‘That’s the beauty of this whole ordeal, you get a chance to treat some guys. I’ve gone through this a lot now and everything’s a mindset. If your mindset is you’re geared to do the things you have to do to persevere and overcome, maybe there’s days you don’t feel very good. I’m 42 years old and certainly there are going to be some days where I’m not going to feel real good. Fortunately I’ve been able to pitch a ton of games where I didn’t feel good. You can’t measure that and I think that’s the one thing that gets lost in a comeback. It’s one thing to have your shoulder on right, it’s another thing to pitch through certain situations that aren’t prototypically the way you would like them. As a pitcher I gear myself ready to not feel great, and when I do, that’s a bonus. When you log this many innings you just learn how to do that and how to get through the tough spots in a game and try to keep the innings to a minimum and I just don’t like crooked numbers. If I can keep them to one, one run every inning ain’t such a bad thing even though you’ve got to put some zeroes up there.’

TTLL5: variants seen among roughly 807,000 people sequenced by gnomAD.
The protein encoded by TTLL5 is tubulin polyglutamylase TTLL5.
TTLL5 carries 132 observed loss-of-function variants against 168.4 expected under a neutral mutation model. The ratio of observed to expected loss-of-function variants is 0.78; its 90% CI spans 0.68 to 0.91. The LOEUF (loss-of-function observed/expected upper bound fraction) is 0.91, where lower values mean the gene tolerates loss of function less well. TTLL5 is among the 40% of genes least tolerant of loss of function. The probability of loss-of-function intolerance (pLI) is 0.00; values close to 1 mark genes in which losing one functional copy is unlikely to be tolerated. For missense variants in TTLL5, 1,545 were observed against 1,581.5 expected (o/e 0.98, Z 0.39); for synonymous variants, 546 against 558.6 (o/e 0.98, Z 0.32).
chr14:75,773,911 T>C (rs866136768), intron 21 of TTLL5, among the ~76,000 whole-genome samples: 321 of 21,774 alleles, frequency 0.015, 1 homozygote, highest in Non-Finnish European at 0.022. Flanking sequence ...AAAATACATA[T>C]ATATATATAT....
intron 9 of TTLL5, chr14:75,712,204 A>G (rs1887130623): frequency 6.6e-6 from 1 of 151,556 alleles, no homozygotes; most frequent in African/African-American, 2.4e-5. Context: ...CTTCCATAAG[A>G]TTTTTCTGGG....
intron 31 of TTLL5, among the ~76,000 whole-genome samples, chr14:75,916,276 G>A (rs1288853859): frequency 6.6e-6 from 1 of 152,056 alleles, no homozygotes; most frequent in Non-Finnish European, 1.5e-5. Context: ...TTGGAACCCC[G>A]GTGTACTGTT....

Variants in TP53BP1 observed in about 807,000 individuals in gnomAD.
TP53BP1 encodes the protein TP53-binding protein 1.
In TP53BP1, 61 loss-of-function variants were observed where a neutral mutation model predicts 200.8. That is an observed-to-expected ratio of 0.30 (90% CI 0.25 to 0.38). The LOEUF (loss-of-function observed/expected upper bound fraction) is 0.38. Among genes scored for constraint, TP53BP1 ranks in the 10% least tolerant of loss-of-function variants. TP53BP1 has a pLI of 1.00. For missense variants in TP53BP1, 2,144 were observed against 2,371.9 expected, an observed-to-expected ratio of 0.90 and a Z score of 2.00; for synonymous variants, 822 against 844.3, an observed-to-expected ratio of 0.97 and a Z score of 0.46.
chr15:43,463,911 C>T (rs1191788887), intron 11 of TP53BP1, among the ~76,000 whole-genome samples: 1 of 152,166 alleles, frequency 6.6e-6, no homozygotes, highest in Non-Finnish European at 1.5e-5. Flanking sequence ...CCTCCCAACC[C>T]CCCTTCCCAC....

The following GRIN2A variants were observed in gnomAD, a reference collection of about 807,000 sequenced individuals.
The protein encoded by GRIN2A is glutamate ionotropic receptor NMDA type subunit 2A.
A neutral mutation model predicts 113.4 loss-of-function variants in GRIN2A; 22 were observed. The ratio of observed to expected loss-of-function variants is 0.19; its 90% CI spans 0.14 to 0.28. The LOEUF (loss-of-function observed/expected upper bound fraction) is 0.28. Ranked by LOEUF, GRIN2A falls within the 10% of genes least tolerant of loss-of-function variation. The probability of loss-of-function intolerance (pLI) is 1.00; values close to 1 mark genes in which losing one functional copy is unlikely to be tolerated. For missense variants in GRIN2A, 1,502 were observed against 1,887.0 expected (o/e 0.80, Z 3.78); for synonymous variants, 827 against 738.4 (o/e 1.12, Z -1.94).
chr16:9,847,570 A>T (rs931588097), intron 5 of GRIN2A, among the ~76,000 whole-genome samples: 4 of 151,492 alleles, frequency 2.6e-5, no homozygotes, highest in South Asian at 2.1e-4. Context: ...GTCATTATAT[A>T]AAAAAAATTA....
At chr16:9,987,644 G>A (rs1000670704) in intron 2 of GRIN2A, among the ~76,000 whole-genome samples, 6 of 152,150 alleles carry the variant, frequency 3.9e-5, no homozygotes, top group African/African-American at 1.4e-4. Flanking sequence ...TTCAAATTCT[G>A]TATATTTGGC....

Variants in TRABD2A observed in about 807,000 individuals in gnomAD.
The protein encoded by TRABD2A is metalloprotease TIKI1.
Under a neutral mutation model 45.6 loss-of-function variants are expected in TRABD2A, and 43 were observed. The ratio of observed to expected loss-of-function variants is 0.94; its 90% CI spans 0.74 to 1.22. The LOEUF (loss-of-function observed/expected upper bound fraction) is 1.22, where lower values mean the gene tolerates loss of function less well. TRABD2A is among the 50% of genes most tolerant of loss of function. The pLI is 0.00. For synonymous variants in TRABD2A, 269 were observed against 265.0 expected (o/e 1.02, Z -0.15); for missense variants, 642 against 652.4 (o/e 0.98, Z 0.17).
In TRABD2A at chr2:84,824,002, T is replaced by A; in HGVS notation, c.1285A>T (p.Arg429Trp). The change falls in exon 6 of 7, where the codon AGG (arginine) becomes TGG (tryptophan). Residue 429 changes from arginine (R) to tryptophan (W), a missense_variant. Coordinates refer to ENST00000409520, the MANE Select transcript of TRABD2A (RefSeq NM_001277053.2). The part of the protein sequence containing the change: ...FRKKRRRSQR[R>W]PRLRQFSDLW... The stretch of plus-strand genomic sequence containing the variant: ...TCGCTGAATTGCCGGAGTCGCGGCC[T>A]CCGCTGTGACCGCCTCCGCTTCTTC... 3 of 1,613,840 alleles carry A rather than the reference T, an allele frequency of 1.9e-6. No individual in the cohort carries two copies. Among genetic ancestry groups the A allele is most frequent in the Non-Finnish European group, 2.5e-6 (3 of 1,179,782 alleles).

On economizing (9 pitches or less in each of his last three innings):
‘I’m going to be a little bit of a different pitcher than I was in the past, I’m going to be a guy that pounds fastballs for strikes. Maybe not blow it by them, but accompanies it with a good split, slider, and curveball and a change that’s coming along so there’s still a lot of things a hitter has to look for and that’s the weapons you want to have when you’re out there and you get in a jam and you feel like you can get out of it. All in all, I’ll ride out of here very happy and hopeful that the recovery continues to go in a positive way so that [for] my side session, I pick it up where I left off.’
On fine-tuning in his final rehab outings: